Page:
Autograph ABP announces the first major exhibition of Syd Shelton’s photographs capturing one of the most intriguing and contradictory political periods in British post war history. Between 1976 and 1981, the movement Rock Against Racism (RAR) confronted racist ideology in the streets, parks and town halls of Britain. RAR was formed by a collective of musicians and political activists to fight fascism and racism through music.
Under the slogan ‘Love Music, Hate Racism’, it showcased reggae and punk bands on the same stage, attracting large multicultural audiences. At a time when the fascist attitudes of the National Front were gaining support, RAR marked the rising resistance to violent and institutionalised racism.
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Syd Shelton’s photographs document the volatility of a country divided across race, class and gender. They expose the ferocity of cultural difference being hammered out on Britain’s streets through the late 1970s, at a time when racist skinheads danced to Jamaican ska, punks embraced reggae and black kids reached out to punk. Shelton photographed performers such as The Clash, Elvis Costello, Misty in Roots, Tom Robinson, Au Pairs and The Specials as well as the audiences at RAR gigs and carnivals across England. He captured the history-making RAR Carnival 1 at Victoria Park, London in 1978, and demonstrations such as the Anti National Front Demonstration in Lewisham in 1977. Shelton also took contextual social and cultural images that informed the politics of the movement across England and Ireland.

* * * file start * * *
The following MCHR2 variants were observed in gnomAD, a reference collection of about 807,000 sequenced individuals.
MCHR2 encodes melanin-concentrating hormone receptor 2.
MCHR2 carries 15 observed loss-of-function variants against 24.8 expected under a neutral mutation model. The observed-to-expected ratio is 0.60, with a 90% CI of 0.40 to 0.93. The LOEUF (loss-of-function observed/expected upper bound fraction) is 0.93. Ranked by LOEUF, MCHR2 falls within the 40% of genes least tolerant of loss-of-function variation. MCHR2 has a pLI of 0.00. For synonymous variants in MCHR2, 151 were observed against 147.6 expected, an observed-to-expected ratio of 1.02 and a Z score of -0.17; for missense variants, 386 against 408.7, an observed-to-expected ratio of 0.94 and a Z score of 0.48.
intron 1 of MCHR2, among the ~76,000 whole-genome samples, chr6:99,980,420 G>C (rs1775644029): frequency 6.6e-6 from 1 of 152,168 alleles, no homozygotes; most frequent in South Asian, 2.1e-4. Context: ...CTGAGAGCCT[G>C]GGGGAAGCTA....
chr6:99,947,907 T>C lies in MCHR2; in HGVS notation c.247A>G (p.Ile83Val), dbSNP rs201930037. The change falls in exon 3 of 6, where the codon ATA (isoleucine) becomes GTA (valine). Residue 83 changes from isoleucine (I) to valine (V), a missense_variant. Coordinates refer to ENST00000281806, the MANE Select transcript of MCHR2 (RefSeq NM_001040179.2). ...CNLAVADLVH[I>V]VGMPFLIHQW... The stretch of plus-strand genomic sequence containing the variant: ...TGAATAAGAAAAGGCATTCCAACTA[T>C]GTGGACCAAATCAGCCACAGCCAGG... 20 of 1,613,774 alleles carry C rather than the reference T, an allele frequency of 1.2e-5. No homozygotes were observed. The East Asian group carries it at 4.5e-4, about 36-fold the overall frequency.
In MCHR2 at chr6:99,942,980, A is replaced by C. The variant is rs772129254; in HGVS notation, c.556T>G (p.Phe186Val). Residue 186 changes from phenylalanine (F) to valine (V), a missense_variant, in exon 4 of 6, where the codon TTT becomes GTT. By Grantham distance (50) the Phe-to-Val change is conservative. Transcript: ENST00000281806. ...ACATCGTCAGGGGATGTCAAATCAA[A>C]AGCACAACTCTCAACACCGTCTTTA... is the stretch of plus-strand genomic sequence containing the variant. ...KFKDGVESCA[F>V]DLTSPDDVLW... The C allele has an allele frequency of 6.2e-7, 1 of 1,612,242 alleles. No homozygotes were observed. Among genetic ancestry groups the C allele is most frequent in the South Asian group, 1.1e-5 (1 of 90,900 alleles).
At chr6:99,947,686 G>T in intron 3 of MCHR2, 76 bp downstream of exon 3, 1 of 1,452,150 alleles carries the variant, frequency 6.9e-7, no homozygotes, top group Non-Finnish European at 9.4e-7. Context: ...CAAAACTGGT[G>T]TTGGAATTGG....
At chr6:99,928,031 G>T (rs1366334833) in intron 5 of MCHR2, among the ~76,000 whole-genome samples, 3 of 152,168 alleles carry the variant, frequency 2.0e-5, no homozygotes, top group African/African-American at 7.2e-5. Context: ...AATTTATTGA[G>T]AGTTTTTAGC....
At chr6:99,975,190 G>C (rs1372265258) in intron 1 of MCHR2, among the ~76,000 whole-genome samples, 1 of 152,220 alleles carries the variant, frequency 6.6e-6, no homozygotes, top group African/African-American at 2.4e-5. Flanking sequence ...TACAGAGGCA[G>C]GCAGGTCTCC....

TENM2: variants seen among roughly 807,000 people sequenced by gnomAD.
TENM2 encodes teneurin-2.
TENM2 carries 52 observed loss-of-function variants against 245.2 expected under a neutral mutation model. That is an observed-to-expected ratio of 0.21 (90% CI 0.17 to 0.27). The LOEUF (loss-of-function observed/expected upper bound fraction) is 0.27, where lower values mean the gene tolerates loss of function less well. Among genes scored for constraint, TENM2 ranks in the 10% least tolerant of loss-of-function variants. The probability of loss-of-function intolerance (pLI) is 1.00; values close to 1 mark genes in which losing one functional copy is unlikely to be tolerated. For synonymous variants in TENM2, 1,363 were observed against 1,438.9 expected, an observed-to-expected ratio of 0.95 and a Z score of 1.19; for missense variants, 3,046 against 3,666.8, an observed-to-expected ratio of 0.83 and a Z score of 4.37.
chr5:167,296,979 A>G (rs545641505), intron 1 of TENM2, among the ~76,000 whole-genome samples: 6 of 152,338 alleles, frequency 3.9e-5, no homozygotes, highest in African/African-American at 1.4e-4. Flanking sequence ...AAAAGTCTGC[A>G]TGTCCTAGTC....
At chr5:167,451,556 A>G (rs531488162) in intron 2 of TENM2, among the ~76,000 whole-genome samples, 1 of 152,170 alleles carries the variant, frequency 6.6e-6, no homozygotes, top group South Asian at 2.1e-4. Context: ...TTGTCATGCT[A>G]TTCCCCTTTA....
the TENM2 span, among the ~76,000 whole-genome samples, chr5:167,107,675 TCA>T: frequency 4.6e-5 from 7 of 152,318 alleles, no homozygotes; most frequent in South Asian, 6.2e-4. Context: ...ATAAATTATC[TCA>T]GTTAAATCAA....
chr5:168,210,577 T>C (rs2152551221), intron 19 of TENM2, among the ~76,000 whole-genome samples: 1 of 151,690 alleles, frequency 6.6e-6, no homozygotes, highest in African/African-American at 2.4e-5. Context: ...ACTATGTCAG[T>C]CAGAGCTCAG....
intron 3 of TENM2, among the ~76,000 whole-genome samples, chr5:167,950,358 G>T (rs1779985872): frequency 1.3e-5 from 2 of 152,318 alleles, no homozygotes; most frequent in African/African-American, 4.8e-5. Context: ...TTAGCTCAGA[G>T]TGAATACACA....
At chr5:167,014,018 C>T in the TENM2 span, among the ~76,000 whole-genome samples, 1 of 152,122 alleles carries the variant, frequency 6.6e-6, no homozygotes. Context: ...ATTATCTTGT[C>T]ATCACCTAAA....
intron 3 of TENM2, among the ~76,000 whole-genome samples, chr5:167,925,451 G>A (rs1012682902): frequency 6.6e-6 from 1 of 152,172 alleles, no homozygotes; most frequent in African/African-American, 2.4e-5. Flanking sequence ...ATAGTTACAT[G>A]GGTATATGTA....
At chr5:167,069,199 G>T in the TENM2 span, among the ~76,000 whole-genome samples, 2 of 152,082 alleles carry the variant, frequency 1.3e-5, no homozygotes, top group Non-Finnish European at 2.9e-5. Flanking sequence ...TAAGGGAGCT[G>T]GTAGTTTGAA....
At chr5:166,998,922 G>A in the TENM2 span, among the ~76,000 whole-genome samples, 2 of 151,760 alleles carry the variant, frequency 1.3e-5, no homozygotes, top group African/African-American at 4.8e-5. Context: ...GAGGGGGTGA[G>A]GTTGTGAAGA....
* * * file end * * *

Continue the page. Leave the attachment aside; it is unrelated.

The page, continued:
As Shelton says: ‘In collaboration with UK reggae and punk bands, RAR members took on the orthodoxy through five carnivals and some 500 gigs throughout Britain. In those five years, the National Front went from a serious electoral threat into political oblivion.’
Rock Against Racism revisits the energy of RAR, the creative entanglement of black and white musicians, designers, writers, actors, performers and supporters who produced effective counter-narratives to whiteness as superior and blackness as alienated. Shelton’s photographs remind us that RAR was a particular treatise on belonging in Britain.
RAR did not have an official photographer and Shelton has produced the largest collection of images on the movement. He says of the period: ‘Photography for me has always been an autobiographical tool, a sort of staccato visual diary….I also used my photography during that period as a graphic argument, enabling me to be a subjective witness of the period which could, hopefully, contribute to social change ….’